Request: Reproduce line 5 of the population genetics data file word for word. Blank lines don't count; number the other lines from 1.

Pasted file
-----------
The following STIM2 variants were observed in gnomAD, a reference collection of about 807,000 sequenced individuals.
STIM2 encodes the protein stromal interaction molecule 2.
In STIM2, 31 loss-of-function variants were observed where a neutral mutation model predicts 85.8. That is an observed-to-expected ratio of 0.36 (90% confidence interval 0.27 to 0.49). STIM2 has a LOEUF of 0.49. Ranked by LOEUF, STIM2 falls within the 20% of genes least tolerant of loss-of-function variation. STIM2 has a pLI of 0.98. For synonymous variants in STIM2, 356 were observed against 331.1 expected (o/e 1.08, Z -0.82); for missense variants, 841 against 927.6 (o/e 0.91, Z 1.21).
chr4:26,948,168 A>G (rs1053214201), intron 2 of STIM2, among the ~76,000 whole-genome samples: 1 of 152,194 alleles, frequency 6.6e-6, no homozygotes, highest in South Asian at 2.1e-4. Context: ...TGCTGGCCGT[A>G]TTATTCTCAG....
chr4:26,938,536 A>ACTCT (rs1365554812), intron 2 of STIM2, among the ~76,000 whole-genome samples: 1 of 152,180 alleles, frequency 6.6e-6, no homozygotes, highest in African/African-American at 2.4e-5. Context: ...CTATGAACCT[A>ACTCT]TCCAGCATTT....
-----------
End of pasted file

chr4:26,938,536 A>ACTCT (rs1365554812), intron 2 of STIM2, among the ~76,000 whole-genome samples: 1 of 152,180 alleles, frequency 6.6e-6, no homozygotes, highest in African/African-American at 2.4e-5. Context: ...CTATGAACCT[A>ACTCT]TCCAGCATTT....